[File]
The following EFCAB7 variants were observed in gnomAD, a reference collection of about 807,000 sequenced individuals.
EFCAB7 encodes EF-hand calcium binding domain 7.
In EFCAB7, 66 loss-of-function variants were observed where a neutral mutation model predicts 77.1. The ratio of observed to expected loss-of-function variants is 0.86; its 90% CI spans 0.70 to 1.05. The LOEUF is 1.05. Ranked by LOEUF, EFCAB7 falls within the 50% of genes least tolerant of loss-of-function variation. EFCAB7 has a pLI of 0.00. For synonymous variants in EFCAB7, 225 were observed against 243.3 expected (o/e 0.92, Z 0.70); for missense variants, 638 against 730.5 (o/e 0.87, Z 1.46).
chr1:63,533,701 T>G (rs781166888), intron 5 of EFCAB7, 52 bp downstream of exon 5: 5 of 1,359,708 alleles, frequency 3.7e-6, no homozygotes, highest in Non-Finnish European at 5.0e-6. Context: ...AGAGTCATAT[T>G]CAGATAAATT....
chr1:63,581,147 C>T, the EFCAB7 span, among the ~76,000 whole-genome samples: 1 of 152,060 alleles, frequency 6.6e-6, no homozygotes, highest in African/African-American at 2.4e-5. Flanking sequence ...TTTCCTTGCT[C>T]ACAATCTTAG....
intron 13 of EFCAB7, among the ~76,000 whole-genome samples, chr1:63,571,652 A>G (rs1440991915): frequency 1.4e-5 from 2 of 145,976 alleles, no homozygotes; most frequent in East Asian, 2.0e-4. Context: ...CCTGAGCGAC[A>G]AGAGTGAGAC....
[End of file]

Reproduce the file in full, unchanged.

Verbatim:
The following EFCAB7 variants were observed in gnomAD, a reference collection of about 807,000 sequenced individuals.
EFCAB7 encodes EF-hand calcium binding domain 7.
In EFCAB7, 66 loss-of-function variants were observed where a neutral mutation model predicts 77.1. The ratio of observed to expected loss-of-function variants is 0.86; its 90% CI spans 0.70 to 1.05. The LOEUF is 1.05. Ranked by LOEUF, EFCAB7 falls within the 50% of genes least tolerant of loss-of-function variation. EFCAB7 has a pLI of 0.00. For synonymous variants in EFCAB7, 225 were observed against 243.3 expected (o/e 0.92, Z 0.70); for missense variants, 638 against 730.5 (o/e 0.87, Z 1.46).
chr1:63,533,701 T>G (rs781166888), intron 5 of EFCAB7, 52 bp downstream of exon 5: 5 of 1,359,708 alleles, frequency 3.7e-6, no homozygotes, highest in Non-Finnish European at 5.0e-6. Context: ...AGAGTCATAT[T>G]CAGATAAATT....
chr1:63,581,147 C>T, the EFCAB7 span, among the ~76,000 whole-genome samples: 1 of 152,060 alleles, frequency 6.6e-6, no homozygotes, highest in African/African-American at 2.4e-5. Flanking sequence ...TTTCCTTGCT[C>T]ACAATCTTAG....
intron 13 of EFCAB7, among the ~76,000 whole-genome samples, chr1:63,571,652 A>G (rs1440991915): frequency 1.4e-5 from 2 of 145,976 alleles, no homozygotes; most frequent in East Asian, 2.0e-4. Context: ...CCTGAGCGAC[A>G]AGAGTGAGAC....